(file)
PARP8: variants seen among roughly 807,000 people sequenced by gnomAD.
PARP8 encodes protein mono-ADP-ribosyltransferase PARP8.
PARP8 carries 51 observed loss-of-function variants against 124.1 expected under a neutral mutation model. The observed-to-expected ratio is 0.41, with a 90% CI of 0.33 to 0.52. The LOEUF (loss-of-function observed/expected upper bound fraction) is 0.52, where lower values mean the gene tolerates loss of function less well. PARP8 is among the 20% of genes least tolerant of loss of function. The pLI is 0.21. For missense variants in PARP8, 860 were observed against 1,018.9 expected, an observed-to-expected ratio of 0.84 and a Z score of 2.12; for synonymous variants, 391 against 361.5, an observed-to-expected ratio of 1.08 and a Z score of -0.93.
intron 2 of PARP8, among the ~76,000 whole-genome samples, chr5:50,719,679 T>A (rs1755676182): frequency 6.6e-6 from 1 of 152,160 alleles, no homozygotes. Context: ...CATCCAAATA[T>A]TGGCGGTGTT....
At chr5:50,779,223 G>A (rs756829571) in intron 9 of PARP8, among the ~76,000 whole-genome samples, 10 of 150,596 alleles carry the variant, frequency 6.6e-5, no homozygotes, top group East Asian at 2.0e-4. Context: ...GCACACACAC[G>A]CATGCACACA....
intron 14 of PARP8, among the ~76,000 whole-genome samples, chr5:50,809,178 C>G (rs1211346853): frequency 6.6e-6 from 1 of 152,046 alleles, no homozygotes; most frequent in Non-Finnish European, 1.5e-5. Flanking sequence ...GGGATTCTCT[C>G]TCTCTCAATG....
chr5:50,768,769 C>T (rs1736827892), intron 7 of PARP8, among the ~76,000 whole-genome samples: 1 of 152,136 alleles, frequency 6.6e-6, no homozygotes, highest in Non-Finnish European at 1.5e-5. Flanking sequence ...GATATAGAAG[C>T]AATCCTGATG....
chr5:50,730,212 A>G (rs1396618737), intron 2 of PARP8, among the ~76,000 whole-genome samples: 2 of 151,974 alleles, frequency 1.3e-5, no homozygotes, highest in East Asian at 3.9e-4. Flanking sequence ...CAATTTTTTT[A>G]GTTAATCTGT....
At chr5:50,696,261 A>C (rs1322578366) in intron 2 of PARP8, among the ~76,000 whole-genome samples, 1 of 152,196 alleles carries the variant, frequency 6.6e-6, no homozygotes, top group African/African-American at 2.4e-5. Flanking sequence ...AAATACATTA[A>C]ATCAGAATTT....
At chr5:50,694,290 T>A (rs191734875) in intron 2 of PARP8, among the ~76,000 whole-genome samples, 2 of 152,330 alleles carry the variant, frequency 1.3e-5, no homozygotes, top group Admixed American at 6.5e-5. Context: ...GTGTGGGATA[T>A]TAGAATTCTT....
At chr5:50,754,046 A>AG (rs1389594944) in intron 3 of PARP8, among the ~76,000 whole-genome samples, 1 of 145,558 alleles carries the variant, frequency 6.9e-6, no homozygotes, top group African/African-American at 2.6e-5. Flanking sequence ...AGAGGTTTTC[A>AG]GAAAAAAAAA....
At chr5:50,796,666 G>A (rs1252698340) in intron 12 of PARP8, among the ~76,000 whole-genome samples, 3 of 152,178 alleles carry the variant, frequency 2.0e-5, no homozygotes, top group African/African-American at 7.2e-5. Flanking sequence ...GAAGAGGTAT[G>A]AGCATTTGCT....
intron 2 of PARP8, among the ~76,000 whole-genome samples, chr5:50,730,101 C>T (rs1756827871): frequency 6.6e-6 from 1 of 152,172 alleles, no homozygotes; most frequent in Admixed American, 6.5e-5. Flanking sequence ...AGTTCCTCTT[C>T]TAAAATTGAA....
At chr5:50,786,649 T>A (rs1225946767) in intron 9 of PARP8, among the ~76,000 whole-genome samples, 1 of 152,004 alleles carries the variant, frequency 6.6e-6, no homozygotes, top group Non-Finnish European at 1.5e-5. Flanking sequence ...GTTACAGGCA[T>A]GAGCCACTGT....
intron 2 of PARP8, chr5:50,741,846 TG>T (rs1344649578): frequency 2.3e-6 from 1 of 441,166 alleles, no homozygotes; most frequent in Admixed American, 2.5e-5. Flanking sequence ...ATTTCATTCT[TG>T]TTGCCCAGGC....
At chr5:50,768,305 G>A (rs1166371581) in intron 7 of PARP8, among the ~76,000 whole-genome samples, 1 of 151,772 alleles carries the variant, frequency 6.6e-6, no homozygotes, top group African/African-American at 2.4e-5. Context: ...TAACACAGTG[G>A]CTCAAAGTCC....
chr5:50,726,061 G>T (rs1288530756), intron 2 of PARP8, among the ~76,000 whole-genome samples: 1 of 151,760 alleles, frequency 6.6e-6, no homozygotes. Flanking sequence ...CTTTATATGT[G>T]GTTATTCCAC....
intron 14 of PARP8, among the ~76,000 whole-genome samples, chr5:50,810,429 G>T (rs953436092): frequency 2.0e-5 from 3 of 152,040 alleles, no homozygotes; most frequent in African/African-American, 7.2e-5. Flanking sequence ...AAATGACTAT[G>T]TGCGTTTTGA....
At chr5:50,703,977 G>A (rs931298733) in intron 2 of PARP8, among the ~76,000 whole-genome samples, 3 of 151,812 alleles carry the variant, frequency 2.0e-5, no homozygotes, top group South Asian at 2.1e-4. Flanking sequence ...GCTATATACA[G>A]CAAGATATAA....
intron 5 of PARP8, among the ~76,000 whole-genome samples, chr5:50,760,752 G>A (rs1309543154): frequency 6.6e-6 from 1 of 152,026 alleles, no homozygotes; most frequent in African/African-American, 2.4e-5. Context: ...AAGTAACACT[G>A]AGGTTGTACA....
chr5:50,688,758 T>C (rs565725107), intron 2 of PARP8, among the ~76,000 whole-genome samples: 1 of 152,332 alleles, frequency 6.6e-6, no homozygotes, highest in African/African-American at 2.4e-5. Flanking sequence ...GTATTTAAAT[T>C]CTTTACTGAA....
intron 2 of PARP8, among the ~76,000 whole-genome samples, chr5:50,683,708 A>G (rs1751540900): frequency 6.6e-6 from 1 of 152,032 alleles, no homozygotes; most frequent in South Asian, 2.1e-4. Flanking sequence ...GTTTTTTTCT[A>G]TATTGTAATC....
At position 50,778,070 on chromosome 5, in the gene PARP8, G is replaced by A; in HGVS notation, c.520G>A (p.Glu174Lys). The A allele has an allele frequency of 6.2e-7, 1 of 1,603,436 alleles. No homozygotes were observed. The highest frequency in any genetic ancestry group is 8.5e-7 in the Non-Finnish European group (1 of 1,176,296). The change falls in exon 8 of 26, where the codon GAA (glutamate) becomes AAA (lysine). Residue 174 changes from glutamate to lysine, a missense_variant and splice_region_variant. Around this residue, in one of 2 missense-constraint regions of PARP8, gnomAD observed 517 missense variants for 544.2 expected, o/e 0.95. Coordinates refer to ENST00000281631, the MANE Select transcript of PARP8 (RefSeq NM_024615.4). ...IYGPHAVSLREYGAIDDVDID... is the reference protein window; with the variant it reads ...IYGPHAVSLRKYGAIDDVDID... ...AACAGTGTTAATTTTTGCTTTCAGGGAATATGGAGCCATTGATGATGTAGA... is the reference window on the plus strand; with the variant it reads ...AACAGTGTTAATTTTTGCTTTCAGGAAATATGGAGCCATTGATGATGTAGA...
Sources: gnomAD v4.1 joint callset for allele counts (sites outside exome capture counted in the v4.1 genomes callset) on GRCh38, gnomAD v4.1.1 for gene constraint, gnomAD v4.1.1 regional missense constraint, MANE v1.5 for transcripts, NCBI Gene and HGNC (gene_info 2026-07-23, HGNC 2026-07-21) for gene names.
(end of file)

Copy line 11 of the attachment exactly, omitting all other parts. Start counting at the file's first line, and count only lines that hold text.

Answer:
At chr5:50,754,046 A>AG (rs1389594944) in intron 3 of PARP8, among the ~76,000 whole-genome samples, 1 of 145,558 alleles carries the variant, frequency 6.9e-6, no homozygotes, top group African/African-American at 2.6e-5. Flanking sequence ...AGAGGTTTTC[A>AG]GAAAAAAAAA....